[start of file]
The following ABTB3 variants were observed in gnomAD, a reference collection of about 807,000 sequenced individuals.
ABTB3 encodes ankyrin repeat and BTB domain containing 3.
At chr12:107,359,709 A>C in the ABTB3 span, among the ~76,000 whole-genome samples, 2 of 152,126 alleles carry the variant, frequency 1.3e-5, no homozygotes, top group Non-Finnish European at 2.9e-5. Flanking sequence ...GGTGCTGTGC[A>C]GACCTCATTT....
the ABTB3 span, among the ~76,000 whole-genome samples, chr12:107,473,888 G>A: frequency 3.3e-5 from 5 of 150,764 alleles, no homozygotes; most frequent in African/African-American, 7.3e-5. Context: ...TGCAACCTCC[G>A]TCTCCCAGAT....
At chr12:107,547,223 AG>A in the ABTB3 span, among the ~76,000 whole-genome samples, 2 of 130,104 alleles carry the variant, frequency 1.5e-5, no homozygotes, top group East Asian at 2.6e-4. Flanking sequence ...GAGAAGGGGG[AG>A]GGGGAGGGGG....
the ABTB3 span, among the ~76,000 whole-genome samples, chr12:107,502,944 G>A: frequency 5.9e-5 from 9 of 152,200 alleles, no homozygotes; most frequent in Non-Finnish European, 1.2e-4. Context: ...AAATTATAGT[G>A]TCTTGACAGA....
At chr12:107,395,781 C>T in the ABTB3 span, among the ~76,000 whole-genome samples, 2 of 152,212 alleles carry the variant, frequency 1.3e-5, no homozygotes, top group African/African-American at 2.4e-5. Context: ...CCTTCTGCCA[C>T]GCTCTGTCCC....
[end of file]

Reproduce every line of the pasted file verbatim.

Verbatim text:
The following ABTB3 variants were observed in gnomAD, a reference collection of about 807,000 sequenced individuals.
ABTB3 encodes ankyrin repeat and BTB domain containing 3.
At chr12:107,359,709 A>C in the ABTB3 span, among the ~76,000 whole-genome samples, 2 of 152,126 alleles carry the variant, frequency 1.3e-5, no homozygotes, top group Non-Finnish European at 2.9e-5. Flanking sequence ...GGTGCTGTGC[A>C]GACCTCATTT....
the ABTB3 span, among the ~76,000 whole-genome samples, chr12:107,473,888 G>A: frequency 3.3e-5 from 5 of 150,764 alleles, no homozygotes; most frequent in African/African-American, 7.3e-5. Context: ...TGCAACCTCC[G>A]TCTCCCAGAT....
At chr12:107,547,223 AG>A in the ABTB3 span, among the ~76,000 whole-genome samples, 2 of 130,104 alleles carry the variant, frequency 1.5e-5, no homozygotes, top group East Asian at 2.6e-4. Flanking sequence ...GAGAAGGGGG[AG>A]GGGGAGGGGG....
the ABTB3 span, among the ~76,000 whole-genome samples, chr12:107,502,944 G>A: frequency 5.9e-5 from 9 of 152,200 alleles, no homozygotes; most frequent in Non-Finnish European, 1.2e-4. Context: ...AAATTATAGT[G>A]TCTTGACAGA....
At chr12:107,395,781 C>T in the ABTB3 span, among the ~76,000 whole-genome samples, 2 of 152,212 alleles carry the variant, frequency 1.3e-5, no homozygotes, top group African/African-American at 2.4e-5. Context: ...CCTTCTGCCA[C>T]GCTCTGTCCC....